Despite nominally traveling to Georgia to campaign on behalf of Sens. Kelly Loeffler (R-Ga.) and David Perdue (R-Ga.), President Trump made himself the focus at his rally on Saturday as the Republican senators struggled to gain the support or attention of the crowd.
The most notable example of this came when Perdue attempted to praise Trump, telling him “god bless you, we love you Mr. President,” but failed to quiet chants of “fight for Trump” from the crowd – while Loeffler was met with chants of “stop the steal!”
Though Trump didn’t criticize Perdue and Loeffler, some of his most ardent supporters have accused them of failing to adequately support Trump’s unfounded claims that widespread fraud cost him his reelection, with some even calling to boycott the runoff.
When Trump did praise Loeffler and Perdue, it often rang hollow or focused on their support for him, such as admitting that although he was at first wary of Loeffler – who was appointed over his objections – “there was nobody who fought harder for me.”
Trump focused the bulk of his remarks airing his grievances about his election, falsely claiming victory (and occasionally slipping up and admitting defeat) and ranting about figures unrelated to the runoff like Sen. Bernie Sanders (I-Vt.) and former Rep. Beto O’Rourke.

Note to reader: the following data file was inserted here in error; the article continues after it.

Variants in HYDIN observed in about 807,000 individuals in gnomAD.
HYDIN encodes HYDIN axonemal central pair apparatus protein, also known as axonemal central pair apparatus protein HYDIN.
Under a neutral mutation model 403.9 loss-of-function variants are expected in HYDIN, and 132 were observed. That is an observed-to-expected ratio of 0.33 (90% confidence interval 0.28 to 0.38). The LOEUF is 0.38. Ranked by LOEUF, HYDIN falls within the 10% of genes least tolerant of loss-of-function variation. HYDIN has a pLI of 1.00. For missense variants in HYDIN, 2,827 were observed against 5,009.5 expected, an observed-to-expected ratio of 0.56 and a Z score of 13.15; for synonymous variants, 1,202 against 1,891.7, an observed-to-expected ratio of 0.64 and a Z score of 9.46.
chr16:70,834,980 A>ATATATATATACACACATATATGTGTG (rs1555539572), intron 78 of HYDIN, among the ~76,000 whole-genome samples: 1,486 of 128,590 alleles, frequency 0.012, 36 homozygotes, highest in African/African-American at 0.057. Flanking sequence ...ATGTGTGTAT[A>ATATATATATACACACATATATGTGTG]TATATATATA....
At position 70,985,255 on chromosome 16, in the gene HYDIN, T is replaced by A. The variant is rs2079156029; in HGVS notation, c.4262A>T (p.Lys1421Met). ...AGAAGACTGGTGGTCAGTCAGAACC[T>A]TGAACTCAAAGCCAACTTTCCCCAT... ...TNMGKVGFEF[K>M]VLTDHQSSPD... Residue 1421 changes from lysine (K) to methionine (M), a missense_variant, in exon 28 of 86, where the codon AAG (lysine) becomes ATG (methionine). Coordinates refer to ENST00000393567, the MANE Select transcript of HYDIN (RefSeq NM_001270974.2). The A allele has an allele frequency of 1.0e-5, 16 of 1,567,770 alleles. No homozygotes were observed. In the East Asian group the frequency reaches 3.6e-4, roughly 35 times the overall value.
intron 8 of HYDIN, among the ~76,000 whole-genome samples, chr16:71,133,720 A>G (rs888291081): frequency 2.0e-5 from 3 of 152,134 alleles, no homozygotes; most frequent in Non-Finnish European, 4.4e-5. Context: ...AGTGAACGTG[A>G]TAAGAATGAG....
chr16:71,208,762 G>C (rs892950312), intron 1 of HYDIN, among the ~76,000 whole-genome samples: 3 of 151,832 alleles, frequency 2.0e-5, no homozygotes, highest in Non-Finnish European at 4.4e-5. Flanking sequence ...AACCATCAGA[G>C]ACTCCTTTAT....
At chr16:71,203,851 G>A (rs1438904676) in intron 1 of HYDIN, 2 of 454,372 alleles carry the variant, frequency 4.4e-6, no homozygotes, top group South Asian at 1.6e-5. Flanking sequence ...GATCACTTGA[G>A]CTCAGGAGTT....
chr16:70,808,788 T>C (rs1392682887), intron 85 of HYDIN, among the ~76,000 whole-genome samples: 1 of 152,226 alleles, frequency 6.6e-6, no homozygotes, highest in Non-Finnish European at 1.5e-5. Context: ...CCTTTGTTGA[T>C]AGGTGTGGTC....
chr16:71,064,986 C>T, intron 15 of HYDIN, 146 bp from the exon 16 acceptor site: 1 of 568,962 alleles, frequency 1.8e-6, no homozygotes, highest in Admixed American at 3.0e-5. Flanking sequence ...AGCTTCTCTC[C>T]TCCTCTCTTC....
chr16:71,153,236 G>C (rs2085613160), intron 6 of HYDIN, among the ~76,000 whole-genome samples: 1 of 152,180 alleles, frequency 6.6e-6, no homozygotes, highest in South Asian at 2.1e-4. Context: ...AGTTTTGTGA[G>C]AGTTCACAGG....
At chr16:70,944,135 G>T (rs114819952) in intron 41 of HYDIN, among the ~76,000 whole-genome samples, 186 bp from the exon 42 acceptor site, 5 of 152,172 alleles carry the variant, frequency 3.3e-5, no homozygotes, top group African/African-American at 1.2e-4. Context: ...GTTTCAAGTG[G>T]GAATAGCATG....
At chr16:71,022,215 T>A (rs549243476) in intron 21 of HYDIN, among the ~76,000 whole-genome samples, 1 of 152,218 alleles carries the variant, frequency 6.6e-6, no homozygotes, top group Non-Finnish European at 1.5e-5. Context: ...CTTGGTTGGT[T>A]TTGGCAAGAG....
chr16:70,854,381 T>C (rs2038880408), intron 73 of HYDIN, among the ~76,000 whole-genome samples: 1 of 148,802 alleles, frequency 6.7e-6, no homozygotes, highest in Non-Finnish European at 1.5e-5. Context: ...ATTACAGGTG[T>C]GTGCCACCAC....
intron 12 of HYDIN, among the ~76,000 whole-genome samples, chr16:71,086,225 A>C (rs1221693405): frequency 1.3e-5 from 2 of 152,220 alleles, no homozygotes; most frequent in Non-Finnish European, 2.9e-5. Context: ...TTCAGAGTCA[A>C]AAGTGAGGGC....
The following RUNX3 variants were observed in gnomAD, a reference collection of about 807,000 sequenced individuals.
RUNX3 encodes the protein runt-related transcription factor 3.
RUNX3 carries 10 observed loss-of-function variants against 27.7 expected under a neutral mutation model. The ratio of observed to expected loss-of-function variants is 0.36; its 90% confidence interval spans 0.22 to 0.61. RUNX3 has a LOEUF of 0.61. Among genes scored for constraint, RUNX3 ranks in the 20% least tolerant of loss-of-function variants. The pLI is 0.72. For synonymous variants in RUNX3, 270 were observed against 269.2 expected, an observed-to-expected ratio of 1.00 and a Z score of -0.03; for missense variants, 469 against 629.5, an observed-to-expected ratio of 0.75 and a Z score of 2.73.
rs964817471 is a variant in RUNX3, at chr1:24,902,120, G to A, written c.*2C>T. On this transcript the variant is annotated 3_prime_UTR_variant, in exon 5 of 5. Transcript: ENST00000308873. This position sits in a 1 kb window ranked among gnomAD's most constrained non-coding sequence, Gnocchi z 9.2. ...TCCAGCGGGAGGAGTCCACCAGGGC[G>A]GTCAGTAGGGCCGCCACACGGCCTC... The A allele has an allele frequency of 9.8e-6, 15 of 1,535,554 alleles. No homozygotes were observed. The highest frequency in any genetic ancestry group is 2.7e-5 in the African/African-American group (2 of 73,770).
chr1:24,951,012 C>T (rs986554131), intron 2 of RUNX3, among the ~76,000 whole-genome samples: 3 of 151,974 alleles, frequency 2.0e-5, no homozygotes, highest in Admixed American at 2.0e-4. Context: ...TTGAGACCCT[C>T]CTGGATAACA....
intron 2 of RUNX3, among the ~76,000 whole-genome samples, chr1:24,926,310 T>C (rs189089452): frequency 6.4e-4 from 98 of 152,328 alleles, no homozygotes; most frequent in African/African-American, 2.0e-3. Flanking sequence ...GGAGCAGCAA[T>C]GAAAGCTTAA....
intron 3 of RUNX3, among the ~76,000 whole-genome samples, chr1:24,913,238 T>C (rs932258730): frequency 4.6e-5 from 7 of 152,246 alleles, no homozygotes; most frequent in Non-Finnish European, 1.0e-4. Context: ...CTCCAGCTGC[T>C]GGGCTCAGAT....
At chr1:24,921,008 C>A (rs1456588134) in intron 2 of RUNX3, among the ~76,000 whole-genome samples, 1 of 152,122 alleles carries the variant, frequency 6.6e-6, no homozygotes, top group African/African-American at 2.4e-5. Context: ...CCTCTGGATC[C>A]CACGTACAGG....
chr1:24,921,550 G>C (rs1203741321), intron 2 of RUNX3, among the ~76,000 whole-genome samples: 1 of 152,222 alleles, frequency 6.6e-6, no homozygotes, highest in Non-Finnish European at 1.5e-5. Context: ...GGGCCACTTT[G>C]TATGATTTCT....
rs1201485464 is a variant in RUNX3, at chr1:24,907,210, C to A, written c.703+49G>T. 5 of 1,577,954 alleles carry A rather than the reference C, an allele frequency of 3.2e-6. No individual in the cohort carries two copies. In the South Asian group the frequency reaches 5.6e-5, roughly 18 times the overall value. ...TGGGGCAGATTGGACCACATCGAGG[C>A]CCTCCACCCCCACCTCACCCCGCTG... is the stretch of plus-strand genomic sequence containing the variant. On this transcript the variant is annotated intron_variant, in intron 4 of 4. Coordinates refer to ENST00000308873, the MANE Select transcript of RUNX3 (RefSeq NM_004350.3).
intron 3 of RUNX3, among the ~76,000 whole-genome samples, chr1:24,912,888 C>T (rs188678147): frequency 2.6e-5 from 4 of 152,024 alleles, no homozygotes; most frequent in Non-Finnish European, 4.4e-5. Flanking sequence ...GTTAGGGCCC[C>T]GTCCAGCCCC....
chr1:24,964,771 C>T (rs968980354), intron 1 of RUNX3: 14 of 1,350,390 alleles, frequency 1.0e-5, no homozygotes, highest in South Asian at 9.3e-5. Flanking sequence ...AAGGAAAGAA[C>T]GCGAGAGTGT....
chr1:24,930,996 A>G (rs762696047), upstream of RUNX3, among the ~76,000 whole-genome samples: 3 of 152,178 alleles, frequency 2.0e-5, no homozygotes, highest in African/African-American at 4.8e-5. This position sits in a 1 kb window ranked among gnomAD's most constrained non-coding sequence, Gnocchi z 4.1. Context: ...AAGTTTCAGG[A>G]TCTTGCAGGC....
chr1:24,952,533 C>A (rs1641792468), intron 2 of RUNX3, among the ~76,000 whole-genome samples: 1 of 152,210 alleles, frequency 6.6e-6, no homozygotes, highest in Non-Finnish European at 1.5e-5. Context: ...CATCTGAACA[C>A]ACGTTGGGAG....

Trump also complained that he doesn’t like holding rallies for candidates aside from himself, telling supporters, “I don’t like doing them for other people” because “it’s a lot of work.”
Loeffler and Perdue both failed to clear the 50% threshold in the initial election on Nov. 3 to avoid a runoff and will face Democrats Jon Ossoff, a filmmaker, and Raphael Warnock, a pastor, on Jan. 5.
48%. That’s the share of voters who say they support Democrat Jon Ossoff in the poll by Trafalgar Group, a firm that predicted Trump would win the election. Ossoff edges out Perdue by just 1 point. Loeffler fares better, however: she leads Democrat Raphael Warnock by 5 points, 50% to 45%.
“We can fight for the presidency and fight to elect our two great senators and we can do it at the same time. We can do it at the same time, it’s alright,” Trump said, despite concerns from some Republicans – including his own campaign – that the voter fraud rhetoric pushed by him and his allies may depress GOP turnout in the runoffs.
Trump repeatedly tacitly acknowledged Biden’s victory while noting the importance of the runoff. “At stake in this election is control of the U.S. Senate… the voters in Georgia will determine which party runs every committee, writes every piece of legislation,” Trump said. Given that Republicans already have 50 seats without the runoffs, Kamala Harris’ status as Vice President-elect and future tiebreaker in the Senate gives Democrats their only hope at a majority.
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